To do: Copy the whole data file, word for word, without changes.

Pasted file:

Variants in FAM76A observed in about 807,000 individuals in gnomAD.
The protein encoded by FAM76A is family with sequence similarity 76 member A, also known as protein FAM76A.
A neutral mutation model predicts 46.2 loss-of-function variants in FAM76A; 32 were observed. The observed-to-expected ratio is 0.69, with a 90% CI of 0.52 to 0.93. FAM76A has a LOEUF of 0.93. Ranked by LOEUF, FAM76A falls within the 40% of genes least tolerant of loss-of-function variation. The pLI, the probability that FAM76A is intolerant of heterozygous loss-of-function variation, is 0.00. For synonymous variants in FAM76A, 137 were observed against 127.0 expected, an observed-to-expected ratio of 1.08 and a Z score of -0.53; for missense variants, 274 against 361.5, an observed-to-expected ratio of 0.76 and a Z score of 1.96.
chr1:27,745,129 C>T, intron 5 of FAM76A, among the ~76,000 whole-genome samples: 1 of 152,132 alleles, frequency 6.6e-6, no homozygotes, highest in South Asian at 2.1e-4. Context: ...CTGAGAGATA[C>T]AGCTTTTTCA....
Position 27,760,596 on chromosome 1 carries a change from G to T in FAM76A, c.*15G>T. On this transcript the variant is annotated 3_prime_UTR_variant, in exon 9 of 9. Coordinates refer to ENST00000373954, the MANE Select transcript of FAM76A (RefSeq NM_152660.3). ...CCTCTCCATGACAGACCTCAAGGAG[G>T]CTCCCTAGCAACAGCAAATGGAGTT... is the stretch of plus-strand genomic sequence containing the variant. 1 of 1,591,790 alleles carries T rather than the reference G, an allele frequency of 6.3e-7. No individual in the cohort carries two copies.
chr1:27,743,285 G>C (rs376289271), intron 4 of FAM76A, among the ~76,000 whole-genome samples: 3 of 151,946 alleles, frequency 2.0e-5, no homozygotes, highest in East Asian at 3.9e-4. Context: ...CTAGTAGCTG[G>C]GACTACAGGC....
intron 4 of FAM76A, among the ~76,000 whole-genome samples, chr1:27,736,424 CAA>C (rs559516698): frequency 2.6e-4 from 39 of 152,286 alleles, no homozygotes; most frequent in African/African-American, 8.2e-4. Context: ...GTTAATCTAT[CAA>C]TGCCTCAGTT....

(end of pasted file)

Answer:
Variants in FAM76A observed in about 807,000 individuals in gnomAD.
The protein encoded by FAM76A is family with sequence similarity 76 member A, also known as protein FAM76A.
A neutral mutation model predicts 46.2 loss-of-function variants in FAM76A; 32 were observed. The observed-to-expected ratio is 0.69, with a 90% CI of 0.52 to 0.93. FAM76A has a LOEUF of 0.93. Ranked by LOEUF, FAM76A falls within the 40% of genes least tolerant of loss-of-function variation. The pLI, the probability that FAM76A is intolerant of heterozygous loss-of-function variation, is 0.00. For synonymous variants in FAM76A, 137 were observed against 127.0 expected, an observed-to-expected ratio of 1.08 and a Z score of -0.53; for missense variants, 274 against 361.5, an observed-to-expected ratio of 0.76 and a Z score of 1.96.
chr1:27,745,129 C>T, intron 5 of FAM76A, among the ~76,000 whole-genome samples: 1 of 152,132 alleles, frequency 6.6e-6, no homozygotes, highest in South Asian at 2.1e-4. Context: ...CTGAGAGATA[C>T]AGCTTTTTCA....
Position 27,760,596 on chromosome 1 carries a change from G to T in FAM76A, c.*15G>T. On this transcript the variant is annotated 3_prime_UTR_variant, in exon 9 of 9. Coordinates refer to ENST00000373954, the MANE Select transcript of FAM76A (RefSeq NM_152660.3). ...CCTCTCCATGACAGACCTCAAGGAG[G>T]CTCCCTAGCAACAGCAAATGGAGTT... is the stretch of plus-strand genomic sequence containing the variant. 1 of 1,591,790 alleles carries T rather than the reference G, an allele frequency of 6.3e-7. No individual in the cohort carries two copies.
chr1:27,743,285 G>C (rs376289271), intron 4 of FAM76A, among the ~76,000 whole-genome samples: 3 of 151,946 alleles, frequency 2.0e-5, no homozygotes, highest in East Asian at 3.9e-4. Context: ...CTAGTAGCTG[G>C]GACTACAGGC....
intron 4 of FAM76A, among the ~76,000 whole-genome samples, chr1:27,736,424 CAA>C (rs559516698): frequency 2.6e-4 from 39 of 152,286 alleles, no homozygotes; most frequent in African/African-American, 8.2e-4. Context: ...GTTAATCTAT[CAA>C]TGCCTCAGTT....